Recent PhD graduate awarded one of Canada’s top prizes for research

Karina Benessaiah, a recent PhD in geography graduate from the School of Geographical Sciences and Urban Planning, has been named a 2018 Banting Fellow.

The Banting Postdoctoral Fellowships Program is Canada’s most prestigious and highest valued award for postdoctoral researchers. The award provides significant funding for both national and international researchers who show potential to positively contribute to Canada's economic, social and research-based growth.

Benessaiah, who was awarded her PhD from ASU in the spring of 2018, travelled to Greece to conduct her research for her dissertation that focused on understanding how people adapt to rapid, multifaceted social-ecological changes, and to assess societal and environmental transformations.  

“Environmental changes, economic recessions and globalized trade are all drivers of change that shape livelihoods and environments around the world, often in unexpected ways,” Benessaiah said. “Understanding the processes involved in those social-ecological transformations highlights emergent vulnerabilities and potential opportunities towards sustainable and equitable pathways.”

With the upheavals experienced within Greece’s economy, Benessaiah's research focused on how that crisis brought people “back to the land,” supporting her thought of looking at sustainability efforts from the vantage of small-scale projects that work and that may then be used to a broader benefit.

Recalling her work in Greece, Benessaiah said, “People went back to the land not necessarily out of despair but because the crisis upended previous markers of social and economic success and thus allowed people to explore different pathways, which if supported, could lead to a broader shift towards sustainability.”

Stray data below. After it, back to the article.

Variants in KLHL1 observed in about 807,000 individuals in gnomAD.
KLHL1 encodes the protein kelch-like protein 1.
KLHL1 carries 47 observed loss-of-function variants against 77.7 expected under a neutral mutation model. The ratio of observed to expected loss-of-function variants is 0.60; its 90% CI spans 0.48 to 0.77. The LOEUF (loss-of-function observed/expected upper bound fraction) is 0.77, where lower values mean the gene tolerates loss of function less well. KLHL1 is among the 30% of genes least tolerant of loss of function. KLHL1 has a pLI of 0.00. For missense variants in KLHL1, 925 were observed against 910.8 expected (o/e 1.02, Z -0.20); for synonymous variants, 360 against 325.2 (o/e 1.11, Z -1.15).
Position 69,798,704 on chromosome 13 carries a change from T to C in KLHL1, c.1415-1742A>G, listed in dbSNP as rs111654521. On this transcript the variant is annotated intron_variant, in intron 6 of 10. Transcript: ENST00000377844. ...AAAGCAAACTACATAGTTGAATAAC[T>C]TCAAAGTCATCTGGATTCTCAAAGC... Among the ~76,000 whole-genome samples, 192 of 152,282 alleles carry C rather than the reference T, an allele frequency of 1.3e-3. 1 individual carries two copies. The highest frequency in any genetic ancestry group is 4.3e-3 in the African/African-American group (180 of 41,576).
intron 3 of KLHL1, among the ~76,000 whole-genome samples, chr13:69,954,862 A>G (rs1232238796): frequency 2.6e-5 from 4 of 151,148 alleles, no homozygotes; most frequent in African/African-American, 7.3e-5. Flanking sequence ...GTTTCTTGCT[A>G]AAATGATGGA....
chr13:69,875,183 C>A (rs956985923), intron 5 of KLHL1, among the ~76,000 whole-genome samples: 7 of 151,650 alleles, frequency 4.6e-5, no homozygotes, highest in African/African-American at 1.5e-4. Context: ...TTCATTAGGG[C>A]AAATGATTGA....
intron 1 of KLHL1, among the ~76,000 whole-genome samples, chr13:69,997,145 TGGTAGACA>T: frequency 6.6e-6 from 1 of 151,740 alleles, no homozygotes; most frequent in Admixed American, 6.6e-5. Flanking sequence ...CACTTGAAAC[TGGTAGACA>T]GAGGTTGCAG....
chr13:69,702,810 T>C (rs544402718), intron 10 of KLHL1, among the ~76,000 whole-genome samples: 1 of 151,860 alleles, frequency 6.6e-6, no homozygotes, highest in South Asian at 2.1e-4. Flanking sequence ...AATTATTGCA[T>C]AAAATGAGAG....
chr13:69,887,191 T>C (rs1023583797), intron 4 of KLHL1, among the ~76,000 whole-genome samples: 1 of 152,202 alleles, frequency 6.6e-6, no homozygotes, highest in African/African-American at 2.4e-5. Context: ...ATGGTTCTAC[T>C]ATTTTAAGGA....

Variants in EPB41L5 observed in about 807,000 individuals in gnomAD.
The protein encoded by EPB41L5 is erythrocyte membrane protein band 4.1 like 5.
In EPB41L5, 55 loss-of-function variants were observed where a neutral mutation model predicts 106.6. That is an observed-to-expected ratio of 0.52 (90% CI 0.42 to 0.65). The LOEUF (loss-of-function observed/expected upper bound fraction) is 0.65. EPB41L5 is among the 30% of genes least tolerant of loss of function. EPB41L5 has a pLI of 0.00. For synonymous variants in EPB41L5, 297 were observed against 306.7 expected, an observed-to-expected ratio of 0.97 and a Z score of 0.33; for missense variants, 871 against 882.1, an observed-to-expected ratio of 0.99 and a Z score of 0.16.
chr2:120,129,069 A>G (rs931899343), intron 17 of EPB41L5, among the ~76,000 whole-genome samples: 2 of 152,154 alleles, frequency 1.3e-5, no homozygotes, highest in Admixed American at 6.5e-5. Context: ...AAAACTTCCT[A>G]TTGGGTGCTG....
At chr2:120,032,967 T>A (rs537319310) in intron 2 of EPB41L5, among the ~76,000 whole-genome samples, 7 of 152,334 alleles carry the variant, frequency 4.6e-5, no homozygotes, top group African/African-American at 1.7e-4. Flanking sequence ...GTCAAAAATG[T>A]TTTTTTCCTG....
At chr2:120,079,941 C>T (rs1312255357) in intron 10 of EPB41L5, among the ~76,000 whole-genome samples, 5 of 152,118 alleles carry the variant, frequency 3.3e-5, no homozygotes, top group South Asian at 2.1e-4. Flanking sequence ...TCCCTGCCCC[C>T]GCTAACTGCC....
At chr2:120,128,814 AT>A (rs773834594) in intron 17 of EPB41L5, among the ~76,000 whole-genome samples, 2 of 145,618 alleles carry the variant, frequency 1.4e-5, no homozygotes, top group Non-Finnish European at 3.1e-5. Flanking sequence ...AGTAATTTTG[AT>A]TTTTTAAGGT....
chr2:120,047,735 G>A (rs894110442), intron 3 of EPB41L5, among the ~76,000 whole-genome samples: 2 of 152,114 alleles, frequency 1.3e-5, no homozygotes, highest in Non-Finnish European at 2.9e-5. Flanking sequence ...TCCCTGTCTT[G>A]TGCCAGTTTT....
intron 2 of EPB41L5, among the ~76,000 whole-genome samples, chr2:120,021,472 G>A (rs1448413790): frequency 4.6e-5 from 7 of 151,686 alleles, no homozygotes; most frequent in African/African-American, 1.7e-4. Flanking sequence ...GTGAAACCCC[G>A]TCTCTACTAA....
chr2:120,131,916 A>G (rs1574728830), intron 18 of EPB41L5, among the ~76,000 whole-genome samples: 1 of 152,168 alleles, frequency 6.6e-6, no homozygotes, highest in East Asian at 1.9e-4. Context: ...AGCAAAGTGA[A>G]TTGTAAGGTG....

Karina Benessaiah (right) can be seen working the land as part of her research of small-scale sustainability efforts.

According to Billie L. Turner, professor in the School of Geographical Sciences and Urban Planning who served as chair of Benessaiah’s doctoral committee, her research has the capacity to be groundbreaking.

“Karina’s dissertation carves out a research problem that has heretofore not been addressed by the sustainability science and ecosystem service research communities in which she engages,” Turner said. “The Banting Fellowship, including her extremely high ranking in the competition, registers the innovativeness and quality of her research and the promise that she holds for scholarship.”

For the duration of the fellowship, Benessaiah will be hosted by McGill University in Montreal, which is where she completed both her bachelor's and master’s degrees. Her research during the fellowship will take place both in Montreal and Greece, as she continues investigating how social-ecological transformations are scaling up.

In total, over 590 applications were reviewed for the highly coveted award and only 70 were ultimately funded. Benessaiah was one of 23 to be funded by the Social Sciences and Humanities Research Council.